20 year content strategy veteran, Sharon Burton. Sharon Burton consults about content strategy, content business issues, social media and managing post-sales customer experience issues.

Are you killing your marketing efforts after the sale is made? Yes you are.

Are you killing your marketing efforts after the sale is made? Yes you are.

Your company puts a lot of effort in marketing – from advertising, social media marketing, putting engaging content on your website, and making sure the product sheets are shiny and attractive. And the effort is paying off – you’re probably meeting your sales numbers this year.

It costs 6–7 times more to acquire a new customer than retain an existing one – Bain & Company

What is your upsell/resell rate? Are your existing customers purchasing more of your products? How hard are your sales people working to make that happen?

New customer acquisition cost is much higher than return customer cost. Happy customers purchase more and recommend more. And customers are happy post-sale, after they use your products for a bit. Post-sales is where customers are delighted – or demented.

“The probability of selling to an existing customer is 60 – 70%. The probability of selling to a new prospect is 5-20%” – Marketing Metrics.

What if I told you that you’re blowing it post-sale? Because you probably are.

The entire sales cycle matters

Content matters in the Use part of the sales cycle because it supports the customers as they work through using your product. The day-to-day use feeds into perceived value of the product, suitability of the product, and perceived ease-of-use of your product. These issues feed back into future sales.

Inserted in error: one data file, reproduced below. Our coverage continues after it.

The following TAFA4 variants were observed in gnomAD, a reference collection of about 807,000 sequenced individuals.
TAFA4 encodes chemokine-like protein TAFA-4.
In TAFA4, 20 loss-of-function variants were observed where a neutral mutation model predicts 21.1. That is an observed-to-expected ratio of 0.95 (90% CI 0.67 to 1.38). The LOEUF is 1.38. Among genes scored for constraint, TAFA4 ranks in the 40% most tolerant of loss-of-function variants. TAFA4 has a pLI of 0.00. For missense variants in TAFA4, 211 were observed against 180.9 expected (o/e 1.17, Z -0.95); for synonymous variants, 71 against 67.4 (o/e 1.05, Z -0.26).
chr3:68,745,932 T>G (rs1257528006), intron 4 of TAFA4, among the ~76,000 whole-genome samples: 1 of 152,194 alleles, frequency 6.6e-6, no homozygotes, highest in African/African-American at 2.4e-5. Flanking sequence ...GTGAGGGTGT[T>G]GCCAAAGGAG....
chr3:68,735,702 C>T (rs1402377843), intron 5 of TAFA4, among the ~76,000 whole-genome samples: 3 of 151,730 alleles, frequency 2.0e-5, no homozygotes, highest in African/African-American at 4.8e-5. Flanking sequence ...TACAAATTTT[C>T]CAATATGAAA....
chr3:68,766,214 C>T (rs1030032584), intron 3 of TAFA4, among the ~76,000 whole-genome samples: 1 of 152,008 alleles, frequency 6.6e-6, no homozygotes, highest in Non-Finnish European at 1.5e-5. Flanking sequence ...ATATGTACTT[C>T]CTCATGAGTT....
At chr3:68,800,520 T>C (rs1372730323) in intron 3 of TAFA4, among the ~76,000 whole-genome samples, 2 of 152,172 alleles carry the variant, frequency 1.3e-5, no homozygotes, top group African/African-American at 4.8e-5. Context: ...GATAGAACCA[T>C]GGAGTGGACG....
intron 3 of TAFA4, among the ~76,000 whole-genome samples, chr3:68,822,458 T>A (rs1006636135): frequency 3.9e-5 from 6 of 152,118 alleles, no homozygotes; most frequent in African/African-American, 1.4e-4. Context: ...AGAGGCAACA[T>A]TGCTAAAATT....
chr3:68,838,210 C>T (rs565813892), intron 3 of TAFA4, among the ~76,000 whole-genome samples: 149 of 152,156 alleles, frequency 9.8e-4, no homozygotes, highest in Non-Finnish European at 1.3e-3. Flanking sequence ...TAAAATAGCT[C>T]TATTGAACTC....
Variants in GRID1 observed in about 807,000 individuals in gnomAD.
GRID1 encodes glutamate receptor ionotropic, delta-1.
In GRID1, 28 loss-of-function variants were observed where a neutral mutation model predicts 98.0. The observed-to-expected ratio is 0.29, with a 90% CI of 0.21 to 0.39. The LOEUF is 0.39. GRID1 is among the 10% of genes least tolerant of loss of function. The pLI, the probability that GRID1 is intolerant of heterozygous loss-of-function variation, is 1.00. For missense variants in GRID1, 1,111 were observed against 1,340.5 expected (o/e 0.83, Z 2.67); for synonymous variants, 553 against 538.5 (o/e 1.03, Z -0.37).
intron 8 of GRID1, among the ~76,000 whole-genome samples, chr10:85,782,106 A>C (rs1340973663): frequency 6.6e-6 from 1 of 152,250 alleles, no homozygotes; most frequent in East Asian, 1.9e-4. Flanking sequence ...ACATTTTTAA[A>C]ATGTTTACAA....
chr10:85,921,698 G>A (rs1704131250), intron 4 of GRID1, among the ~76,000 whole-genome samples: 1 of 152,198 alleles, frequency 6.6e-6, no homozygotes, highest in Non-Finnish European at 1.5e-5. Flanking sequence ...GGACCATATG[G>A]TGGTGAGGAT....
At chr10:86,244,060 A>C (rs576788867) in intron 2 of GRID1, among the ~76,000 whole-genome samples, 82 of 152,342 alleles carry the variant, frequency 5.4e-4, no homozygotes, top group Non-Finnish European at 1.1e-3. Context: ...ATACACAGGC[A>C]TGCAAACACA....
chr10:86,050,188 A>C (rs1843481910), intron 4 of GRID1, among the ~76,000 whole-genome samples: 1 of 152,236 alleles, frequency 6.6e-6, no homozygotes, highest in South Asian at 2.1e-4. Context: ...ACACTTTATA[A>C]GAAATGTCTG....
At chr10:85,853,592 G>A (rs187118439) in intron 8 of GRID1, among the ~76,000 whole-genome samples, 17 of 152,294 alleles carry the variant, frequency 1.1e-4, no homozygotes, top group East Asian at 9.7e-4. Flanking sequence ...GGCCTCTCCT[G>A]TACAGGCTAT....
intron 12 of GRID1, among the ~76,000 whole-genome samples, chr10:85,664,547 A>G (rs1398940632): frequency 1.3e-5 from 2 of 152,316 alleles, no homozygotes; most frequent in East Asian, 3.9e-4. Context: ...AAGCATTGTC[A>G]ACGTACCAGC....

Why do we care about the value of repeat customers? They’re cheaper to sell more to because you already did all the work to get them to buy the first time.

71% of business leaders believe that customer experience is the next corporate battleground – Shaw & Ivens

And that brings us to product instructions.

Your user instructions are pretty tragic

Survey after survey shows product instructions are poor and don’t meet the customers needs. And this includes your product instructions as well.

I did a survey earlier this year, asking tech comm pros and consumers to rate product instructions. The pros think their instructions are good. Consumers don’t agree.

81% of companies with strong capabilities and competencies for delivering customer experience excellence are outperforming their competitors – Peppers and Rogers, 2009 Customer Experience Maturity Monitor

Consumers want to use the product instruction as part of the customer experience. If the manufacturer provides clear and useful product instructions, this is a competitive advantage. It also goes directly to the usability and suitability of your products after purchase. It’s the customer experience.

And that’s why you’re blowing your marketing efforts post-sale. Your product instructions are bad and the post-sale customer experience experience sucks for your customers.

By Sharon Burton


  1. Mark Barnett

    Thanks for pushing this oft-neglected part of the customer experience. Frankly, it is one I had not given a lot of explicit thought to until you first brought to my attention in a LinkedIn post of yours.

    I wonder why product instructions are (I assume) not consistently field-tested before release, like the products themselves?

  2. Thanks, Sharon, for provoking thought and discussion. What do customers say are the problems with product instructions? Are there inaccuracies? Is the documentation not readily accessible? Is confusing? Overwhelming?

    • Sharon Burton

      Most people responded the instructions didn’t meet their needs and were confusing. This is easily fixed, but so many companies forget that product instructions are one of the first post-sales customer experience touch points.

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